(She who taught me to “listen hard” in the tradition of Anne Sexton and so many others before us. I slipped this poem under her screen door on a late-summer night in 1996 — and share it again today on what would have been her 66th birthday.)
One night let’s invite da Vinci and St Francis of Assisi
to drink red wine from half carafes,
sit by the fire in this glacial room
where the soul of the world’s in orbit,
try to forget that each gift could be the last,
Do anything to stave off the inevitable:
Store evaporated milk in reusable cans,
keep pens and paper and candles at hand.
Late, when the guests have passed out, let’s drag the dead
weight of distraction from the living room chairs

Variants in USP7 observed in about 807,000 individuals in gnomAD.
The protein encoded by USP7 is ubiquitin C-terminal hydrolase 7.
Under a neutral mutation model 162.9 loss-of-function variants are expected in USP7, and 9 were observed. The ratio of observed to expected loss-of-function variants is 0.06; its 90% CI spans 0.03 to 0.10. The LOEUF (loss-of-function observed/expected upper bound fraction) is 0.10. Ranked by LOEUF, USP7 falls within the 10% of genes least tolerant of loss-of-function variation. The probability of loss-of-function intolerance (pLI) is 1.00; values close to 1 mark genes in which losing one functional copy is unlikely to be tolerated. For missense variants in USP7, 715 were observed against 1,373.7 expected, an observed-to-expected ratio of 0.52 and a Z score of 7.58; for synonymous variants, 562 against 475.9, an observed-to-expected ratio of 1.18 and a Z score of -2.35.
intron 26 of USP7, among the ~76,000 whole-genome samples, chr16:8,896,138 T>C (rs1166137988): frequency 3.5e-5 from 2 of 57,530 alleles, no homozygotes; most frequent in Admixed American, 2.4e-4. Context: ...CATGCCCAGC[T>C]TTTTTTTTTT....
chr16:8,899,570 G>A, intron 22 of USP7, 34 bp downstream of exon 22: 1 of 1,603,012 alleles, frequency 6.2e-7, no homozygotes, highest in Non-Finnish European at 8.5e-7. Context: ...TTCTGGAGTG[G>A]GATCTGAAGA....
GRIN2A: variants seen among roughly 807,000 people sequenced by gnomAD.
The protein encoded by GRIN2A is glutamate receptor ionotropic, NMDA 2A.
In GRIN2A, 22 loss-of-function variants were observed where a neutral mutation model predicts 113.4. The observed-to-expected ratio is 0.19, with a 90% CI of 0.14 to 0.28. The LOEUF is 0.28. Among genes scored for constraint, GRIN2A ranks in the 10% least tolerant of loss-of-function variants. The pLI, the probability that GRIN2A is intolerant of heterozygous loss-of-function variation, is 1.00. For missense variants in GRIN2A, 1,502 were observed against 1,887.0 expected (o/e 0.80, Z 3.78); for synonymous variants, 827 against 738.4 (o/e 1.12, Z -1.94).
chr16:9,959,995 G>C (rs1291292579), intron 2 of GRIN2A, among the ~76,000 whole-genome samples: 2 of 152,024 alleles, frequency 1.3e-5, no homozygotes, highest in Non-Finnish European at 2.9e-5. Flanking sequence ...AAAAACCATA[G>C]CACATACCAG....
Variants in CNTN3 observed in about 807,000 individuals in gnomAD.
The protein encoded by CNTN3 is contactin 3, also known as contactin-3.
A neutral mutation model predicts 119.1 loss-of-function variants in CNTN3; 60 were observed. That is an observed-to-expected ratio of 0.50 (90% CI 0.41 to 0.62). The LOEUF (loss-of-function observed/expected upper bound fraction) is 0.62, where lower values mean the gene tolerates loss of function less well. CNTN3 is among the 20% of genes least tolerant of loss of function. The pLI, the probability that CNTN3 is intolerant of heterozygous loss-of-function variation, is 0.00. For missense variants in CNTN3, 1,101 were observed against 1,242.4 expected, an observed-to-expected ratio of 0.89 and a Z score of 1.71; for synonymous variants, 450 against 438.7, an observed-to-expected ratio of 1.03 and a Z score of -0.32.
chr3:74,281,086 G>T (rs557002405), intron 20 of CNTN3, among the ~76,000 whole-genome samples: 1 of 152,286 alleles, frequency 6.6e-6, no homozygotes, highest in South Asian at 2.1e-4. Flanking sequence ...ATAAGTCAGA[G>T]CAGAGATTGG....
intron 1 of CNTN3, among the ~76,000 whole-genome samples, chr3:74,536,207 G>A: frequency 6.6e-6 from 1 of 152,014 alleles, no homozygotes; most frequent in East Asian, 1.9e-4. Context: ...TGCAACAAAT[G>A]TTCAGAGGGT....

and wait for the night to cease, for day to end,
for time’s implosion.
It’s a private affair—
the uninvited do not even perceive the web
the host of characters at the table,
the guardian spirits lurking,
the unlocked doors of time collapsing,
the fire of dreams, the disguise of flame.
They can’t fathom the orgies and nectar flowing
around this house some mornings,
the bands of birds here, plump and raucous,
who are memory, who are greed.
The men who did not know her yet
Carried her body across this field
Where my house now stands. She hovers.
The bell counts.
She was called back. I was called forward.
Wearing cotton tunics,
let’s stand on a cliff beneath the watery sky:
clasp hands, swan-dive.
We who go like spies through the world—
we can be the winning pictures,
the lost negatives, the grateful scribes.
Miss & love you, Deborah. Happy birthday.
February 6, 1950 – April 10, 2009